4. 4. Modern awareness Pollution became a popular issue after World War II, due to radioactive fallout fromatomic warfare and testing. Then a non-nuclear event, The Great Smog of 1952 inLondon, killed at least 4000 people. This prompted some of the first major modernenvironmental legislation, The Clean Air Act of 1956. Pollution began to draw major public attention in the United States between the mid-1950s and early 1970s, when Congress passed theNoise Control Act, the Clean Air Act,the Clean Water Act and the National Environmental Policy Act. Smog Pollution in Taiwan Severe incidents of pollution helped increase consciousness. PCB dumping inthe Hudson River resulted in a ban by the EPA on consumption of its fish in 1974. Long-term dioxin contamination at Love Canal starting in 1947 became a national news storyin 1978 and led to the Superfund legislation of 1980. Legal proceedings in the 1990shelped bring to lighthexavalent chromium releases in California—the champions ofwhose victims became famous. The pollution of industrial land gave rise to thename brownfield, a term now common in city planning. The development of nuclear science introduced radioactive contamination, which canremain lethally radioactive for hundreds of thousands of years. Lake Karachay, named bytheWorldwatch Institute as the "most polluted spot" on earth, served as a disposal site forthe Soviet Union throughout the 1950s and 1960s. Second place may go to the area ofChelyabinsk U.S.S.R. (see reference below) as the "Most polluted place on the planet".
  5. 5.  Nuclear weapons continued to be tested in the Cold War, sometimes near inhabitedareas, especially in the earlier stages of their development. The toll on the worst-affectedpopulations and the growth since then in understanding about the critical threat tohuman health posed by radioactivity has also been a prohibitive complication associatedwith nuclear power. Though extreme care is practiced in that industry, the potential fordisaster suggested by incidents such as those at Three Mile Island and Chernobyl pose alingering specter of public mistrust. One legacy of nuclear testing before most formswere banned has been significantly raised levels of background radiation. International catastrophes such as the wreck of the Amoco Cadiz oil tanker off the coastof Brittany in 1978 and the Bhopal disaster in 1984 have demonstrated the universality ofsuch events and the scale on which efforts to address them needed to engage. Theborderless nature of atmosphere and oceans inevitably resulted in the implication ofpollution on a planetary level with the issue of global warming. Most recently theterm persistent organic pollutant (POP) has come to describe a group of chemicals suchas PBDEs and PFCs among others. Though their effects remain somewhat less wellunderstood owing to a lack of experimental data, they have been detected in variousecological habitats far removed from industrial activity such as the Arctic, demonstratingdiffusion and bioaccumulation after only a relatively brief period of widespread use. A much more recently discovered problem is the Great Pacific Garbage Patch, a hugeconcentration of plastics, chemical sludge and other debris which has been collected intoa large area of the Pacific Ocean by the North Pacific Gyre. This is a less well knownpollution problem than the others described above, but none the less has multiple andserious consequences such as increasing wildlife mortality, the spread of invasive speciesand human ingestion of toxic chemicals. Organizations such as 5 Gyres have researchedthe pollution and, along with artists like Marina DeBris, are working toward publicizingthe issue. Growing evidence of local and global pollution and an increasingly informed public overtime have given rise to environmentalism and the environmental movement, whichgenerally seek to limit human impact on the environment.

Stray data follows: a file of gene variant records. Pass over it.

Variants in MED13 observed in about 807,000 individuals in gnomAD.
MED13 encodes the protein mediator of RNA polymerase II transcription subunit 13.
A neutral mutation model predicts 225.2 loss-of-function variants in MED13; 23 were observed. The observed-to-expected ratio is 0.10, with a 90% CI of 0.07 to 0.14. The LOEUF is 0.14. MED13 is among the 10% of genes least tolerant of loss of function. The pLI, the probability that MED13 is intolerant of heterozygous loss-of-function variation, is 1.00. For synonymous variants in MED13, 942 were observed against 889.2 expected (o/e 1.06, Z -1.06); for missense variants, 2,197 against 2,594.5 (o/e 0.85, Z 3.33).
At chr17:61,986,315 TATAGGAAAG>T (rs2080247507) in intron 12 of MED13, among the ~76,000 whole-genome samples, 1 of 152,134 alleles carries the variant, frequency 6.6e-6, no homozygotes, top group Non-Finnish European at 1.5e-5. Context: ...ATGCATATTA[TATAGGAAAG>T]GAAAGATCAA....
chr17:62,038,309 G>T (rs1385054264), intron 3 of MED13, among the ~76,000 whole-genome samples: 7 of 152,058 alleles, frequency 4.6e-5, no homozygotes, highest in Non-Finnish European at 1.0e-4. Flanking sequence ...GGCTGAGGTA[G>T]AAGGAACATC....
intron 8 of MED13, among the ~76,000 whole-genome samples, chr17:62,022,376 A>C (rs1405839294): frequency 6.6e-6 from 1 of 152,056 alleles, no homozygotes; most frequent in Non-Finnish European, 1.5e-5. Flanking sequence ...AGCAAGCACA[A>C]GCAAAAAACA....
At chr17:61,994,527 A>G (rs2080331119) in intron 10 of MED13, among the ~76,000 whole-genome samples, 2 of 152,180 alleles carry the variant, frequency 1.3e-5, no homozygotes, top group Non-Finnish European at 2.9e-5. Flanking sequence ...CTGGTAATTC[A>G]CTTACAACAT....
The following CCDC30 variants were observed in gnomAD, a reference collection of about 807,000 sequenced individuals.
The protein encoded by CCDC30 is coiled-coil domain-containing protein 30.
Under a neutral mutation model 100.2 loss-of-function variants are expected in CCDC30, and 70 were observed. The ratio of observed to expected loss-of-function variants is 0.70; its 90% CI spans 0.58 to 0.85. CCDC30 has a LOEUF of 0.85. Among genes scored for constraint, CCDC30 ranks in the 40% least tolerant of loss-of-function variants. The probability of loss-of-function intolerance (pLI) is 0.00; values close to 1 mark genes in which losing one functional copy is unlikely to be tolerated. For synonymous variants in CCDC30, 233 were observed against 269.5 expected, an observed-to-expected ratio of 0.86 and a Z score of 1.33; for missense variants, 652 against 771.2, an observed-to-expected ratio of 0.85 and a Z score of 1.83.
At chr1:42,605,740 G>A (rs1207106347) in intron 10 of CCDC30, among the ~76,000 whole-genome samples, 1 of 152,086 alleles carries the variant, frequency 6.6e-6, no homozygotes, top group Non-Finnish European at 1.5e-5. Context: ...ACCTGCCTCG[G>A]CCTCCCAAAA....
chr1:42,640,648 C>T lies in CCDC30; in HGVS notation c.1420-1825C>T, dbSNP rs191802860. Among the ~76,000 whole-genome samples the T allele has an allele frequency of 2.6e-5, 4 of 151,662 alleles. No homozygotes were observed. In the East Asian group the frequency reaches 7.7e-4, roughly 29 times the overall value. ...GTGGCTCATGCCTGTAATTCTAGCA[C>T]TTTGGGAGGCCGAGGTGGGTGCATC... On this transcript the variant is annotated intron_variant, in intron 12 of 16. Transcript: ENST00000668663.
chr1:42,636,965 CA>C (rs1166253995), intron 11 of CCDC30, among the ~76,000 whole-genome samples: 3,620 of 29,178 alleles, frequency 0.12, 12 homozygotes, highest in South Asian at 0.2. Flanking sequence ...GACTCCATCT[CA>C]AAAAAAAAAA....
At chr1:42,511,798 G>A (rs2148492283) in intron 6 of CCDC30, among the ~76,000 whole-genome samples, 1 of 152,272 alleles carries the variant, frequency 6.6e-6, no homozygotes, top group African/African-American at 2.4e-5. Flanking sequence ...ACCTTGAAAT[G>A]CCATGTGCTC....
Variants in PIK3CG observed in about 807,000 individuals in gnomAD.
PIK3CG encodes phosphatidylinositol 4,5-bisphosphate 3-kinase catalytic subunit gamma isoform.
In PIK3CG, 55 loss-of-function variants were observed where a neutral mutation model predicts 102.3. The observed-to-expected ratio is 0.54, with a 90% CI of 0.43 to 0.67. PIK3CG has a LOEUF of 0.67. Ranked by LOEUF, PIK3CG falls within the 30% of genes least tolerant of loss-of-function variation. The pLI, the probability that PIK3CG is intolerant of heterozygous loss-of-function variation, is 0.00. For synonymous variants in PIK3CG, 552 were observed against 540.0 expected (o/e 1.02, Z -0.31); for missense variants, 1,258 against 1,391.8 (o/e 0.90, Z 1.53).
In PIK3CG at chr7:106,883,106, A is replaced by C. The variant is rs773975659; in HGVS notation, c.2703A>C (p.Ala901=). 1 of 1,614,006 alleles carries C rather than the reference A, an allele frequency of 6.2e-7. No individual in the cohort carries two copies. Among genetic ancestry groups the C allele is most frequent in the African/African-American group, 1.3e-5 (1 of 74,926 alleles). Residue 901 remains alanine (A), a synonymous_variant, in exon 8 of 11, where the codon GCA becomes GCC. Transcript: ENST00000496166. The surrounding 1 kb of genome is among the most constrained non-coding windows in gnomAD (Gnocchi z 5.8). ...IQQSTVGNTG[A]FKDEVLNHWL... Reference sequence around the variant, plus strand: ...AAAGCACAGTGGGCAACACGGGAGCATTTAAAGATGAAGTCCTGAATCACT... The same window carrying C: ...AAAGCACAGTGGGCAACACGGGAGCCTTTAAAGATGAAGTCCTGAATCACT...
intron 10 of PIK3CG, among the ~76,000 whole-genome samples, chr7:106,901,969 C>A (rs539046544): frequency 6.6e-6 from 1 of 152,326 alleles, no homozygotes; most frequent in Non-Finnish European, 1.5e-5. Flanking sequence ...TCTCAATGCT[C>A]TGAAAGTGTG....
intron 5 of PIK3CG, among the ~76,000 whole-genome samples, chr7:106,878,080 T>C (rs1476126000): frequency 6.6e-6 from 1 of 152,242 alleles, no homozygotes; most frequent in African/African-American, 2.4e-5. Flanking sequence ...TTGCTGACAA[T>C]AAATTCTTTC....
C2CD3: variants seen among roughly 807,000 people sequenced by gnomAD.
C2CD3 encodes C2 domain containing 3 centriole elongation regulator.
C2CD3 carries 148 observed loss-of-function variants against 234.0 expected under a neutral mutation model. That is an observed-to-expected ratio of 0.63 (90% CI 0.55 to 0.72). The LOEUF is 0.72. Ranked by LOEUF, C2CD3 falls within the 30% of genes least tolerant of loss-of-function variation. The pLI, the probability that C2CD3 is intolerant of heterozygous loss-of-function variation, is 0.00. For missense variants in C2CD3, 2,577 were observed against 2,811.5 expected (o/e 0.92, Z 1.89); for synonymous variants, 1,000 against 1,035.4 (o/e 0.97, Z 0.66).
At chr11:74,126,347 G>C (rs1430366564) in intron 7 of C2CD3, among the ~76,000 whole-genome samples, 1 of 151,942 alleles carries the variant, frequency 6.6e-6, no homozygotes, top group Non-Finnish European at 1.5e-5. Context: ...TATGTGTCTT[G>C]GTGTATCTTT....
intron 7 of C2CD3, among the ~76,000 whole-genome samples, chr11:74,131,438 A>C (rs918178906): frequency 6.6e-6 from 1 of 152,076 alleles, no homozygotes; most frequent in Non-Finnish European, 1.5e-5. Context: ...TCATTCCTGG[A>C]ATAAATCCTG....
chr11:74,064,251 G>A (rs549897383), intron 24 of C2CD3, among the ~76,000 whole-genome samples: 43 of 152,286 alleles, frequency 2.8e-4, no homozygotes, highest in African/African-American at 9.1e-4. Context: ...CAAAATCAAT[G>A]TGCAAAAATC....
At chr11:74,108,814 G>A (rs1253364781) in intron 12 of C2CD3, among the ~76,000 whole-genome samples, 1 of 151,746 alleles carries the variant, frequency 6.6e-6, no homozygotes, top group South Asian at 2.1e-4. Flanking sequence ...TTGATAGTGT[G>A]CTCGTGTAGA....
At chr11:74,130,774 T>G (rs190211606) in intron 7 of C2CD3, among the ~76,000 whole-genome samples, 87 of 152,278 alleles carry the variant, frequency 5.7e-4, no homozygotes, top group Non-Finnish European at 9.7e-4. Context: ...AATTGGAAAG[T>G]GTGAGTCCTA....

6. 6. Forms of pollution The major forms of pollution are listed below along with theparticular contaminant relevant to each of them: Air pollution:- the release of chemicals and particulates into theatmosphere. Common gaseous pollutants include carbonmonoxide, sulfur dioxide, chlorofluorocarbons (CFCs)andnitrogen oxides produced by industry and motor vehicles.Photochemical ozone and smog are created as nitrogen oxidesand hydrocarbons react to sunlight. Particulate matter, or finedust is characterized by their micrometre size PM10 to PM2.5. Light pollution:- includes light trespass, over-illumination and astronomical interference. Littering:- the criminal throwing of inappropriate man-madeobjects, unremoved, onto public and private properties. Noise pollution:- which encompasses roadway noise, aircraftnoise, industrial noise as well as high-intensity sonar.